Identity Theft Precautions for California State Employees


The Teale Data Center for the State of California has reported a security breach in the data base that holds payroll deduction information for all state government employees. According to news reports, officials for the Data Center are quite certain that data was not removed, although they are not entirely certain. One of the data elements in the data base is employee Social Security number (SSN). The incident apparently occurred in April 2002.

California Consumers: On Hold for New Telemarketing "Do Not Call" List


Few things annoy consumers more than intrusive telemarketing calls ­- which always come at the wrong time. Thanks to a new law, consumers can sign up to be on a statewide "do not call" list.

Many Californians have read about the new law and are anxious to be on the list. However, the sign-up does not start until January of 2003. Then, for just $1.00, consumers can be included on the list for three years.

Letter to California Legislators and Governor Gray Davis by 15 Consumer-related Organizations in Favor of Strong Opt-in Financial Privacy Legislation


The undersigned organizations urge your support of legislation giving customers of financial institutions stronger rights of privacy over their customer information.

This is a critical time for California consumers. In 1999 Congress passed and the President signed the Financial Services Modernization Bill. This far-reaching law enables banks to become affiliated with insurance companies and brokerage firms. This law contains only the weakest of customer privacy provisions - requiring financial institutions to provide customers an opt-out opportunity before selling customer data to unaffiliated third parties.1

Privacy Rights of Employees Using Workplace Computers In California


Employers and employees are concerned about computers in the workplace.  Employers worry that employees waste time, such as by chatting or shopping on-line. [1]   Employers worry too that employees create liability by viewing and circulating pornographic, racist, or other improper material.

 Employees worry about their privacy.  Software, like Specter, SurfWatch, Eblaster, Telemate, Message Inspector, Silent Watch, Websense, Little Brother, and WinWhatWhere, allows the computer owner to monitor computer use. [2]   Some software allows the owner to check users' e-mail and Web destinations; some also allows viewing of entire e-mail messages, Web images, and word processing documents.  Moreover, most of this software can be installed without alerting the computer user. [3]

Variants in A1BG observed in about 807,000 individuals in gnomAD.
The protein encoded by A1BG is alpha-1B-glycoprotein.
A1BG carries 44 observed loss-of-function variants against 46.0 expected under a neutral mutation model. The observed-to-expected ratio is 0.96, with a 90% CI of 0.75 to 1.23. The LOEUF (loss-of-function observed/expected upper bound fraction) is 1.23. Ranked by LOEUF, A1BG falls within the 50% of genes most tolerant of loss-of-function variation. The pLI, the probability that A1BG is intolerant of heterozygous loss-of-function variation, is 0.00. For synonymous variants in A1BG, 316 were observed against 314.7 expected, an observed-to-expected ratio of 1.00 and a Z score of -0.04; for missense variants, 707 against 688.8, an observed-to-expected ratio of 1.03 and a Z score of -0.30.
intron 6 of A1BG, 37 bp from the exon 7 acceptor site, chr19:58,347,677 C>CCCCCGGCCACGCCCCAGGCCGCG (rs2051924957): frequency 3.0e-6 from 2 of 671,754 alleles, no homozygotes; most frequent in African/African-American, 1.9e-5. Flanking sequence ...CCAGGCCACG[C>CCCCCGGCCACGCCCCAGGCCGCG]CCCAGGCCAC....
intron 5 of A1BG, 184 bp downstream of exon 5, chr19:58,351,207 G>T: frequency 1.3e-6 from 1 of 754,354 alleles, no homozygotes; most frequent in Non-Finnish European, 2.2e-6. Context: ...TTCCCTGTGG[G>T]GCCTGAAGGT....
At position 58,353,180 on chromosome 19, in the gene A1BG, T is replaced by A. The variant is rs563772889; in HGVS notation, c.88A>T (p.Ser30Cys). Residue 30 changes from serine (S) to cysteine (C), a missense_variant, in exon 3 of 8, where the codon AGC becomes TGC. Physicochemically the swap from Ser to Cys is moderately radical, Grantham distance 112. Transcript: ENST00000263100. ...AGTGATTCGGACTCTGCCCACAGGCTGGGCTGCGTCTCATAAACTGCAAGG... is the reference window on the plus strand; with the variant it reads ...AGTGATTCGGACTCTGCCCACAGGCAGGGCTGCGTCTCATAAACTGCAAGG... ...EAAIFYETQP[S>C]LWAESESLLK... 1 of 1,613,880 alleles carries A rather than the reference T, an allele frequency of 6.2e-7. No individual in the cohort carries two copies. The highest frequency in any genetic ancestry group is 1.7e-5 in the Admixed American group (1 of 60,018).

The press has reported that employees have no privacy rights whatsoever when using their employers' computers and that employers can spy at will. [4]

Merging County Social Services Data Bases: Privacy Pitfalls and a Policy Solution


My presentation will focus on the privacy implications of the integration of health and human services. I am going to spend most of my time describing a set of privacy principles which I believe are essential to guide the merger and use of information from several agencies and department. These are called the Fair Information Principles.

Privacy Implications of Privatization of the County's Information Technology Systems


A great deal has been said and written about the management of technology under a privatized system. But little about the information itself.

The County holds a tremendous amount of personal information about its citizens. Property tax records, voting files, library records, the extensive data files of our social services including health and welfare data, birth, death, and marriage certificates, court documents, and so on.

Privacy Principles for California


California has many privacy-related laws on the books. These address government agency information use, telephone records and wiretapping, credit reporting, telemarketing, medical records, employment records, cable television viewing patterns, video rental records, merchant information gathering, insurance record-keeping, and identity theft. In many instances, California has led the nation in the creation of such laws.

"A Review of State and Federal Privacy Laws": Testimony to the California Legislature Joint Task Force on Personal Information and Privacy


I will speak briefly about two related topics: First, I will give an overview of a code of privacy principles called the Fair Information Practices. These, in part or in full, form the basis of many privacy-related laws, as well as industry initiatives.

Second, I will talk about the approach taken at the federal and state levels to privacy laws, with a brief outline of some of those laws.

Privacy Rights of the Homeless


In the United States, the importance of protecting an individual's social services records has not been recognized. Even where laws exist to protect such information, they are often ill-applied or unenforced. Compounding this problem is a substantial lack of awareness among both social services clients and program administrators concerning what types of information may or may not be protected.

For instance, does the right to privacy allow a homeless person to hide the fact that she is homeless from potential landlords or employers? Do low-income social services recipients have the right to inspect the agency's records concerning them and to have errors corrected? What restrictions are placed on the disclosure of public and private social services records?

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